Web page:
Michael Chakraverty, star of the Great British Bake Off 2019, is a committed Dementia Friends Champion. Here he tells us about his experience of supporting people with dementia and why he volunteers as a Champion.
Still stigma to breakdown
Society is clearly not currently ready for the rising numbers of people living with the condition and I know there is a long way to go before every person, organisation and community is dementia friendly.
With one million people living with dementia by 2025, we shouldn’t be in a position where a dementia diagnosis comes with a future of isolation. It shouldn’t mean places we all take for granted, like the theatre, become no-go areas that fill people with anxiety and dread.
Working in a theatre, I see the invisible barriers that block out people with dementia – finding your seat, flashing lights, sudden darkness, crowds, the list continues endlessly. A trip to the pantomime could feel impossible – but small acts of kindness from staff and fellow theatregoers could break down these walls, and reasonable adjustments can open the arts up to those who need them the most.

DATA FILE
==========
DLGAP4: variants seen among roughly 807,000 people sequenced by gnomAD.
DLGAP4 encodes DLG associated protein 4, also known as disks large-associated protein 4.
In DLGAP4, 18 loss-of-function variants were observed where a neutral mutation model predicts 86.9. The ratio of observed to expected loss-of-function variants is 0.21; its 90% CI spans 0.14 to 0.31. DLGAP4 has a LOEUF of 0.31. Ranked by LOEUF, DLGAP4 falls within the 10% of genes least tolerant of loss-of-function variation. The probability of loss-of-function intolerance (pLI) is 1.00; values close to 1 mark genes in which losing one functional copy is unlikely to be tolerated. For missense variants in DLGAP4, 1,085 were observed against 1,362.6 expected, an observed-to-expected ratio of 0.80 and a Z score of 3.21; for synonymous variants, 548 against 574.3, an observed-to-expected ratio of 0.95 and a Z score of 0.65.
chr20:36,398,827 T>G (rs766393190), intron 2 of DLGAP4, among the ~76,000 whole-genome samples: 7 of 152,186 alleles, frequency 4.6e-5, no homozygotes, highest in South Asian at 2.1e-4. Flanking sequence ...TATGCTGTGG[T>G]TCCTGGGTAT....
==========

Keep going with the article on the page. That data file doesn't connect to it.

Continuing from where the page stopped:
Dementia Friends are changing lives
There is hope on the horizon. Two years ago, I joined over 6,300 people in the UK in becoming an Alzheimer’s Society Dementia Friends Champion. I am proud to have joined Alzheimer’s Society and be part of the biggest social movement in dementia by helping to strip dementia of its negative connotations.
I work with people from all backgrounds, encouraging them to join over three million Dementia Friends by changing the way they think, act and talk about dementia – bringing vital positivity back to those blocked by invisible barriers. I’ve heard inspiring stories, shared personal experiences and felt a positive shift in each and every room. Alzheimer’s Society Dementia Friends are changing lives every day, one small step at a time.
By opening doors to those who’ve been isolated, we can help those living with the condition to reclaim their identity. While dementia is still a devastating and life-altering diagnosis for thousands of people across the UK, a diagnosis should mark a new chapter to people’s lives and not the end of the book entirely. Life doesn’t stop at the point of diagnosis and I want to do as much as I can to help tell that story. Let’s reach out to those who need us, opening doors and sharing experiences with one another.
I’m supporting Alzheimer’s Society, which is partnering with Good Morning Britain’s ‘1 Million Minutes’ campaign, to encourage everyone to pledge their support by becoming a Dementia Friend or Dementia Friends Champion.